Given that these results were largely consistent with the results of the other polls (particularly on the ANC’s support) this meant that if there was a conspiracy it had now widened to include Ipsos as well. In his column the following week Steinberg now laid into them too. “Polling in SA is a mess, if not a scandal”, he declared, the results of a “natural experiment” in South Africa of “what happens in a world without regulation.” The results of Everatt’s poll for Change Starts Now were “comic”, the Brenthurst Foundation’s survey was “just bad”, and the Ipsos poll was “meaningless” as the initial press release had not modelled for turnout. In any event, their results did not make any sense, so “one is left with the suspicion that there is something wrong with the data”. Having dismissed these polls out of hand, Steinberg then turned to the vexed question of who was to blame for giving them any credence at all:

Read more: 🔒 FT: Can the party that liberated South Africa still hold it together?

“The media are also to blame. The results of each poll are reported with bluff innocence…. The fault lies with editors, not with reporters…. When what is offered is obviously questionable, and we still insist on discussing it seriously, the whole country begins to look foolish. That is why polling in SA requires regulation. This is a serious country with self-respect. Its national elections are a solemn and sacred business… More than ever, those who work with numbers bear a heavy burden of responsibility.”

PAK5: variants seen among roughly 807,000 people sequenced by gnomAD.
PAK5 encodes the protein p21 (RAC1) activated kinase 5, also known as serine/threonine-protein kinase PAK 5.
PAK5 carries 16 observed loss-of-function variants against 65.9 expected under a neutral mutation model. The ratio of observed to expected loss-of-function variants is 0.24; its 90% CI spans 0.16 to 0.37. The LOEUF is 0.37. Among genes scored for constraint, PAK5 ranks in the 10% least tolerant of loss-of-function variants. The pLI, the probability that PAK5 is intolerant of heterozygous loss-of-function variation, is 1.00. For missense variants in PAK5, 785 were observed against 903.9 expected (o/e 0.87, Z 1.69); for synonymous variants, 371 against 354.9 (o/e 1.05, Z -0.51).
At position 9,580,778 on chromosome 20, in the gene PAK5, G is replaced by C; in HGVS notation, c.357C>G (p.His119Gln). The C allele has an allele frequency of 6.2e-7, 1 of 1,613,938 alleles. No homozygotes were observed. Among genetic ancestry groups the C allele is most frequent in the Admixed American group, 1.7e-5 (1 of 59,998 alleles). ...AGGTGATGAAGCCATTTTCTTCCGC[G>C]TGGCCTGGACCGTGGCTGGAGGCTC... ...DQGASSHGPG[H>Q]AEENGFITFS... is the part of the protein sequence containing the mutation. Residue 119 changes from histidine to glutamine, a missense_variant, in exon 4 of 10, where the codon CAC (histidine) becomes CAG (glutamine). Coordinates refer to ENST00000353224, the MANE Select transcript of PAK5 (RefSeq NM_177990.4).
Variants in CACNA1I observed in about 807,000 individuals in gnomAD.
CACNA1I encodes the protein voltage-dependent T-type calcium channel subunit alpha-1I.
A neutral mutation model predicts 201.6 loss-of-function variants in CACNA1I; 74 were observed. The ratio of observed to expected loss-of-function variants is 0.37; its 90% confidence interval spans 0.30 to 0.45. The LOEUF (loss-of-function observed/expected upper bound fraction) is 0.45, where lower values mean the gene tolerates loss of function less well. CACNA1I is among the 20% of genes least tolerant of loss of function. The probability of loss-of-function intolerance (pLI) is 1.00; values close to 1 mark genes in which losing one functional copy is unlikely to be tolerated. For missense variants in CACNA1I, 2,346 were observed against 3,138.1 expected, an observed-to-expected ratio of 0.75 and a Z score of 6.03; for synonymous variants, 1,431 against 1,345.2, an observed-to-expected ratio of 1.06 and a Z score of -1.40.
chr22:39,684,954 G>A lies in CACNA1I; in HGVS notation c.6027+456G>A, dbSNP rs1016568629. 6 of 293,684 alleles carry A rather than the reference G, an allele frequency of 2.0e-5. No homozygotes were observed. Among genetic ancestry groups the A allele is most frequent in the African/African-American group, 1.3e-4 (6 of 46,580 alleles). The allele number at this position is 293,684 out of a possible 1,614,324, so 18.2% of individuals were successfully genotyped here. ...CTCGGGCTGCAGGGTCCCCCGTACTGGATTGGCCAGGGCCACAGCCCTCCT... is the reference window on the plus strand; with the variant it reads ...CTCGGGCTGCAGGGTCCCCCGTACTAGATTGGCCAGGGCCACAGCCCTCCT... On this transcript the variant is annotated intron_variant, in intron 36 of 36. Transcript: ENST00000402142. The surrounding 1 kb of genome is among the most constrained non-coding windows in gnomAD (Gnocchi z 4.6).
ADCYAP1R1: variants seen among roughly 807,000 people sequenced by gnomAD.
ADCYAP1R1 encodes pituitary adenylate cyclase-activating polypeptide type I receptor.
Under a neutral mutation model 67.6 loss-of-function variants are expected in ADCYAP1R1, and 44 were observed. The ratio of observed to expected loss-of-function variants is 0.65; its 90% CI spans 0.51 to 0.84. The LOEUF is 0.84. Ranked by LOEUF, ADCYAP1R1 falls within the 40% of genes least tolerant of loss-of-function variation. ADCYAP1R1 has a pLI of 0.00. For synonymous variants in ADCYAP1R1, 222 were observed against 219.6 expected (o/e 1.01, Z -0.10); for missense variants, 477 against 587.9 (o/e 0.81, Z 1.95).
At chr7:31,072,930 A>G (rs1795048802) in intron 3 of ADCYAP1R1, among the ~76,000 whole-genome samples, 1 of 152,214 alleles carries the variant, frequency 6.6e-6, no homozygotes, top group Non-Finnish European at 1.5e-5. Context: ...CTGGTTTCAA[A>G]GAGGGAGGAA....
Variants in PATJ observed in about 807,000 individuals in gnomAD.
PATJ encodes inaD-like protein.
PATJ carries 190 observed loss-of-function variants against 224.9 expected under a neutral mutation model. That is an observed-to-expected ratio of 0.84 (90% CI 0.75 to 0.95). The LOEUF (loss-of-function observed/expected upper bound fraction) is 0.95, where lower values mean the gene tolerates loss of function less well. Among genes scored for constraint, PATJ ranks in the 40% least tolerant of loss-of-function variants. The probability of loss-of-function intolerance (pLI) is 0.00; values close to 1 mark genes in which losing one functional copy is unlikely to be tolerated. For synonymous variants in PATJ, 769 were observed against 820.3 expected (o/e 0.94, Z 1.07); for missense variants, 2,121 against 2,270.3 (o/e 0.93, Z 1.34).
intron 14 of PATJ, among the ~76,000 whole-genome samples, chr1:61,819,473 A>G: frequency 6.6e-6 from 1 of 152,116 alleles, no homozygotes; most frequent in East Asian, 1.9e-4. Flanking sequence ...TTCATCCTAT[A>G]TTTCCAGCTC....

Such self-confident rejections of these polls certainly had an impact. They set off a flutter of moral panic in sections of the media, promoted the notion that these results could be ignored, and suggested there was no need to think about or plan for the consequences of the ANC falling to 40% of the vote on election day. Thus, Sam Mkokeli wrote in the Sunday Times that he “would be surprised if the ANC gets close to the 50% mark. My range is 45% to 48%, with a bias right now on the lower side. Also, I do not believe a single one of the polls published in the past 12 months. They have understated the ANC’s reach due to bad design and poor methodologies. Also, the media has misreported the results, failing to emphasise critical elements including the size of the polls and field dates, margin of error, and the non-allocation of undecided voters.”

Business Day also weighed in with an editorial suggesting that there was a problem, as Steinberg suggested, but without explaining exactly what it was. There was a need for “a great deal more transparency and accountability”, a “more vigilant voting public”, and “a more vigilant media.” However, it stopped short of calling for pollsters to be placed under state control suggesting rather that “self-regulation” was the better option.